Holding simultaneous elections to Lok Sabha and state assemblies would be ideal and desirable, but it is not possible within the existing framework of the Constitution, the Law Commission has said in its draft report.
The law panel says further discussion is needed with all stake holders because of the complex issues involved.
"In view of the complexity of the issues involved, it is desirable to have further discussions and examination on the matter, involving all the stakeholders, once again, before making final recommendations to the Government," the draft report says.
Simultaneous polls will, the draft report says, save public money, help reduce the burden on administrative set up and security forces and ensure better implementation of government policies.
The report says if simultaneous polls are held, the administrative machinery of the country will be continuously engaged in developmental activities, "rather than in electioneering".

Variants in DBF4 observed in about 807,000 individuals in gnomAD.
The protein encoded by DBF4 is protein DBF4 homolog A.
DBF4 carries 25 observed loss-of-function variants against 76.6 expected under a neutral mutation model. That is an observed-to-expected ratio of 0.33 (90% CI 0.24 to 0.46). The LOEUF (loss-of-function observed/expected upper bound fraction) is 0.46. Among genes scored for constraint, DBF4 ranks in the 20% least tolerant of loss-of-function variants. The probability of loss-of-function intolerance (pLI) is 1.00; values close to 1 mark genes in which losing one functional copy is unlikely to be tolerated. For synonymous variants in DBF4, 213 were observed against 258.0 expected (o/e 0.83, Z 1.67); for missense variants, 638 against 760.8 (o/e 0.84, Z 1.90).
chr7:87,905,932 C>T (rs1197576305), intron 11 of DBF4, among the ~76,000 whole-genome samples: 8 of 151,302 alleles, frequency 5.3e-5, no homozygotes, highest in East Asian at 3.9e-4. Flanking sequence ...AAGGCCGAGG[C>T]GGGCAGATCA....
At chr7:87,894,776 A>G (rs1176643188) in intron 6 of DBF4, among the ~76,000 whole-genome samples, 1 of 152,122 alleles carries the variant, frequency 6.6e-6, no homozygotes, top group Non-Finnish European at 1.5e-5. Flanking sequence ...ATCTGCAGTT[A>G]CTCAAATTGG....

The Law Commission has deferred submitting its report to the government on simultaneous polls but it put its draft report in the public domain today.
Law Commission Chairman Justice B S Chauhan's tenure ends tomorrow.
The recommendations of the commission are not binding on the government, but the report will allow an informed debate among political parties and stakeholders.
The government contends that holding polls at the national and state levels will cut down on the cost of elections in terms of both time and money. A paper by the Law Commission recently recommended holding the Lok Sabha and assembly polls in two phases beginning 2019.
Most opposition parties have scoffed at the idea despite the government's many attempts to bring them on board. The Congress, Trinamool Congress, AAP, DMK, Telugu Desam Party, Left parties and the JD(S) have consistently opposed the proposal, questioning its feasibility and arguing that it would be against federal principles.
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